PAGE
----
Last time I exhausted my blog space and myself and probably a few readers describing in principle how the differences in the language of ICD-9 and ICD-10 impact the MS-DRG assignment of angioplasty procedures. In this blog, it’s time to get off the soapbox and play in the sandbox. Here is a sample set of procedure scenarios we can mess around with to show how they will be coded and reimbursed in the past, the future, and in the fun house mirror view you sometimes get from mapping.
First, a quick review of the differences in angioplasty coding between ICD-9 and ICD-10, and the MS-DRGs assigned for coronary artery procedures.
In ICD-9, the axis of classification is the number of distinct coronary vessels treated.
In ICD-10, the axis of classification is the total number of sites treated, regardless of which coronary artery it is.
MS-DRGs assigns separate DRGs for angioplasties using these distinctions: 246 and 248 for 4+ distinct vessels treated or 4+ stents placed, 247 for drug-eluting stents, 249 for non-drug-eluting stent, and 250-251 for angioplasties without stents and less than four distinct vessels treated. Remember, a lower number MS-DRG means it is higher in the hierarchy.
Scenario 1: Four sites, two vessels, two drug-eluting stents
- Four sites on two coronary vessels are angioplastied, and drug-eluting stents are placed at two of the sites.
- Coded directly in ICD-10 takes two codes, because the sites without stents are coded separately from the sites with stents.
- Coded directly in ICD-9 takes four codes because all the components of the procedure are coded separately: number of vessels, number of stents, the fact that a stent was drug-eluting, and the angioplasty itself.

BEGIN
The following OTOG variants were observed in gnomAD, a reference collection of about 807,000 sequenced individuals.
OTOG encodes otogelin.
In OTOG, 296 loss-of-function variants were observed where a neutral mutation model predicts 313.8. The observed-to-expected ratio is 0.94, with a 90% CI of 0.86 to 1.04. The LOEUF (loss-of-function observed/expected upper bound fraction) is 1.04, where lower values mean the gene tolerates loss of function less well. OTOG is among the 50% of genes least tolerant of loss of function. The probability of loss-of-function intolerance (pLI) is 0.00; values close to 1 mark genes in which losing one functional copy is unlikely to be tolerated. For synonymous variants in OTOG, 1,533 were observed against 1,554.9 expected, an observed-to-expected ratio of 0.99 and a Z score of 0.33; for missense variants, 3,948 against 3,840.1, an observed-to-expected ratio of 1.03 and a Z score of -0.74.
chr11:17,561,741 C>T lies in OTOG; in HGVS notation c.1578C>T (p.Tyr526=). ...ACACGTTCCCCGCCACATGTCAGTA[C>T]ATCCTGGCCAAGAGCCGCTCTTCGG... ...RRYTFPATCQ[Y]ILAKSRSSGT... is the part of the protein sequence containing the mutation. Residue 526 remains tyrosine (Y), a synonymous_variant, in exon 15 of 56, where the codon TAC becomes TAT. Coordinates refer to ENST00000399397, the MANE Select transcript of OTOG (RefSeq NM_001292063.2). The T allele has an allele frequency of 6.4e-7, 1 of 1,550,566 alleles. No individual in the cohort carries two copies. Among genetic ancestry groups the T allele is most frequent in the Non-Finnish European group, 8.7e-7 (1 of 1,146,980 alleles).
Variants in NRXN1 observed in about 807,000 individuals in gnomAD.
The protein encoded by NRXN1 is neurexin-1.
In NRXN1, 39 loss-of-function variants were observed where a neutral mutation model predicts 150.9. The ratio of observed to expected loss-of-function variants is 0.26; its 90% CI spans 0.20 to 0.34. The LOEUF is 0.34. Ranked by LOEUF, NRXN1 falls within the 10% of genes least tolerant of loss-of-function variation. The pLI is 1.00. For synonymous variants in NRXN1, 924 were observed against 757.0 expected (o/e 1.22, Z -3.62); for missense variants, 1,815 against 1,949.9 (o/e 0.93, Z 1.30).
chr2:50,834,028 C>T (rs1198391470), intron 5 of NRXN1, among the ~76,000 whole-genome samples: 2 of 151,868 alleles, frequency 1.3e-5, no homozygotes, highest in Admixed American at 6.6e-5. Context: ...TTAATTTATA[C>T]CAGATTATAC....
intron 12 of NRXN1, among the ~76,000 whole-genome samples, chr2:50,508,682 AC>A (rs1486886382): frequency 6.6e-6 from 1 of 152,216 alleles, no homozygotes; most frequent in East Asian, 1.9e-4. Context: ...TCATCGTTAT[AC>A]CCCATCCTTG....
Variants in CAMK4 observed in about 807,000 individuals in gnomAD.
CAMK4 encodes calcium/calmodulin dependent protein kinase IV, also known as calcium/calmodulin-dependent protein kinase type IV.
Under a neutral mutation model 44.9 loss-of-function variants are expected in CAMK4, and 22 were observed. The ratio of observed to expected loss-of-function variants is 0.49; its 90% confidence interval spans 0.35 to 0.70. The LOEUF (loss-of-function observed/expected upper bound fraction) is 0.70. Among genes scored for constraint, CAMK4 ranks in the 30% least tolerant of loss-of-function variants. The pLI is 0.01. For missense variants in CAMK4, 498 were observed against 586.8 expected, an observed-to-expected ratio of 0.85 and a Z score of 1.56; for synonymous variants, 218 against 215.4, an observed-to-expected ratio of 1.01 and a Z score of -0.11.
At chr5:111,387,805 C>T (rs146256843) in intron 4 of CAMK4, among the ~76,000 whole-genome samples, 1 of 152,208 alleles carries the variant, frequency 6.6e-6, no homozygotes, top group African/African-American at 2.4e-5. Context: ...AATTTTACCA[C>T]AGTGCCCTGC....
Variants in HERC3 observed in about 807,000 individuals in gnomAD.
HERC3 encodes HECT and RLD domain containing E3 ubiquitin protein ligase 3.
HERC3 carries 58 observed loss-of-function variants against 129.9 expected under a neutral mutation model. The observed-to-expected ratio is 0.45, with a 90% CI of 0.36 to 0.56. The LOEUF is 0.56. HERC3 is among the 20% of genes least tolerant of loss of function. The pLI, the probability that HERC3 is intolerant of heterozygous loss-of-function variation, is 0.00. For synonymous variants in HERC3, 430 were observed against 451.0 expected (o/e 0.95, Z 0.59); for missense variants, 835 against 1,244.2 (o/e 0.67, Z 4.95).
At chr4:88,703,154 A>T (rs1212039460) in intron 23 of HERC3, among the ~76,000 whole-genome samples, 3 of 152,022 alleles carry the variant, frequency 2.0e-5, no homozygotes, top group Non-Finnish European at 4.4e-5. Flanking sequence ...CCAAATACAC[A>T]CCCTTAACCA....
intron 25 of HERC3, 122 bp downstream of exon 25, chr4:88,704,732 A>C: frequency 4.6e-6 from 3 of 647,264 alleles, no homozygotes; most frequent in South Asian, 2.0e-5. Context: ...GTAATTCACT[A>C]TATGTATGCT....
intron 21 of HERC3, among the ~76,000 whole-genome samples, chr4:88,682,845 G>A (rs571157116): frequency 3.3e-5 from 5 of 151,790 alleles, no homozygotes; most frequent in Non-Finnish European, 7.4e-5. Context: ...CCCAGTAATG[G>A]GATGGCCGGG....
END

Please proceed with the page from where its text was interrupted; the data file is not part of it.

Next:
- Mapped from ICD-9 to ICD-10, even a good mapper will only produce the single ICD-10 code containing the two sites with the stents because it must equate the ICD-9 language of vessels with the ICD-10 language of sites.
- ICD-10 and ICD-9 MS-DRG groupers assign the record to the same MS-DRG, 247 Percutaneous cardiovascular procedure with drug-eluting stent. The mapped ICD-10 record gets the same result, since the ICD-10 grouper can’t take account of the ICD-10 code with two sites but no stents.
Scenario 2: Four sites, four vessels, four drug-eluting stents
- Four sites on four coronary vessels are angioplastied, and drug-eluting stents are placed at all four of the sites.
- Coded directly in ICD-10 takes one code, because the number of sites and stents is the same, and all are drug-eluting.
- Coded directly in ICD-9 still takes four codes for the same reason in scenario 1, this time with a code for four stents instead of two stents.
- Mapped from ICD-9 to ICD-10, mapping software has to be sophisticated enough to look for all four ICD-9 codes and equate them with the correct ICD-10 procedure code. Country bumpkin mapping software will convert each ICD-9 code separately with its “closest ICD-10 equivalent.” It will produce an ICD-10 record also containing four codes which are a fun house mirror picture of the original procedure. Here is an example that maps each ICD-9 code to the last ICD-10 alternative (erroneously considered by some the “unspecified” choice) in the GEMs for each of the ICD-9 codes on the original record: